Wednesday, August 4, 2010

Why every self-respecting monarch needs a genealogy and a spy service.

I recently had the misfortune of being reminded of a terrible film. Why do I subject myself to partially re-watching bad films? Because every now and then, bad films, like parables, yield wisdom and advice for the unusual situations people end up in.

Curse of the Golden Flower [2006] is one of those bad films. This film is directed by Zhang Yimou, the man who was also responsible for House of Flying Daggers, one of the worst films I've ever watched. In Chinese, the film is titled 滿城盡帶黃金甲, which roughly translates to "Whole City in Gold Armor." Why was it retitled as the "Curse of the Golden Flower?" Who knows? In addition, despite being a period piece set in supposed ancient China, all the women are wearing corsets that accentuates their cleavages.

Anyway... the film is basically a big imperial family drama with a lot of extras and large sets. A thinner than usual Chow Yun-Fat is The Emperor. The Emperor has the nicest hair, he really should consider doing a commercial for Head and Shoulders.

Liu Ye plays the 1st Prince. Jay Chou plays the 2nd Prince, he is supposed to the strong son, who is a capable general. Unfortunately, Jay Chou is a musician, and not much of an actor - so he comes off as a unconvincing peasant from Taiwan who can't properly speak Mandarin Chinese.

Some no name kid plays the 3rd Prince, who no one really gives a damn about. Gong Li plays the Queen (step-mother the 1st Prince, biological mother to the others). Why do I mention this? you know where this is going don't you?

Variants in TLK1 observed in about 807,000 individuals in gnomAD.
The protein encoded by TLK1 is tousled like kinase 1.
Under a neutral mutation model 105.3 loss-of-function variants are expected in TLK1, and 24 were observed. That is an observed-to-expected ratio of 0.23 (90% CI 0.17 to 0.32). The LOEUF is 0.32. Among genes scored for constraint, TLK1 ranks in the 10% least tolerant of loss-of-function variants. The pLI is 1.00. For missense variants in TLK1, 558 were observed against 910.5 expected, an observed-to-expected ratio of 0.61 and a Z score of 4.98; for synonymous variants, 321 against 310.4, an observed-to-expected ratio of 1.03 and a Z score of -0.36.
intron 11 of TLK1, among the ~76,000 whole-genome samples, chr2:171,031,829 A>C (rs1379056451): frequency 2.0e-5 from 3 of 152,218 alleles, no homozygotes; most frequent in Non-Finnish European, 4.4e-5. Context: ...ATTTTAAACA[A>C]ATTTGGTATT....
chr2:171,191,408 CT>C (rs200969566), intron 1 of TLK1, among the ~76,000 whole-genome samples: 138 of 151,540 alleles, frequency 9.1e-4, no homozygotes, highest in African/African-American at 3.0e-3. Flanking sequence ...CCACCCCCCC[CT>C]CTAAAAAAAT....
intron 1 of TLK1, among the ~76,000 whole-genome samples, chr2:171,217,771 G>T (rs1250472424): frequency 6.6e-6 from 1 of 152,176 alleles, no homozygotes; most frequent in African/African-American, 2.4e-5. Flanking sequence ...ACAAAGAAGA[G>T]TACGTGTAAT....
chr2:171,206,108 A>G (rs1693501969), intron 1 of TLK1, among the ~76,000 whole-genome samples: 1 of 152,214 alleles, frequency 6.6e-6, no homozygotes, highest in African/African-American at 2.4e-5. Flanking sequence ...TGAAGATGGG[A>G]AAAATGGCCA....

The Queen and the 1st Prince have a sexual affair. The Emperor knows this, so he is having the Queen's daily meds poisoned. The Queen, getting sicker, suspects something is up, and hires an Private Investigator (PI) to spy on the Emperor. She also spends her time sewing golden chrysanthemum flowers.

The PI is a woman, and happens to be the wife of the Imperial Doctor (the dude responsible for mixing the Queen's daily meds with poison). Awkward?

Anyway - during one of her spying missions, the PI gets caught. The PI is brought in front of the Emperor, where everyone expects the PI to be executed. To everyone's surprise, the Emperor asks everyone to leave.

It turns out that the PI was the Emperor's first wife. Um... the 1st Prince's mother. Oh wait - I accidentally omitted the fact that aside from sleeping with his stepmother, the 1st Prince was also sleeping with the Imperial Doctor's daughter.


The 1st Prince is not only fornicating with his father's wife, but also his half-sister. I think this dynasty is heading towards the likes of Egyptian Ptolemaic Dynasty and the House of Hapsburg. This is not a good arrangement. To cut the long story short, the Emperor has the Imperial Doctor, the Doctor's wife (the PI), and their daughter killed.

The 3rd Prince, that no one gives a damn about, kills the 1st Prince, and tries to force the Emperor to abdicate. That didn't work out too well, and he gets killed by blunt force trauma from the Emperor's gold loaded belt.

The sort of Queen stages a rebellion in the court yard. Thousands of men rush in, led by the 2nd Prince, wearing gold uniforms with chrysanthemum flowers. They're all slaughtered in the massive courtyard.

But in an EPIC fashion, the courtyard, littered with thousands of bodies, thousands of gallons gallons of blood, and who knows how many trampled pots and plants, are washed clean and disappeared in five minutes. Pretty amazing, I mean the cleanup is almost good enough to make this horrible film worth it.

So after the slaughter and cleanup, the Emperor forces the surviving 2nd Prince to dine with him and the Queen. While eating some tasty food, the Emperor offers the 2nd Prince a reprieve, but only if he is willing to feed the poison to the Queen. The 2nd Prince refuses the offer and offs himself.

The Emperor sort of pauses for a second, then resumes eating. Yum!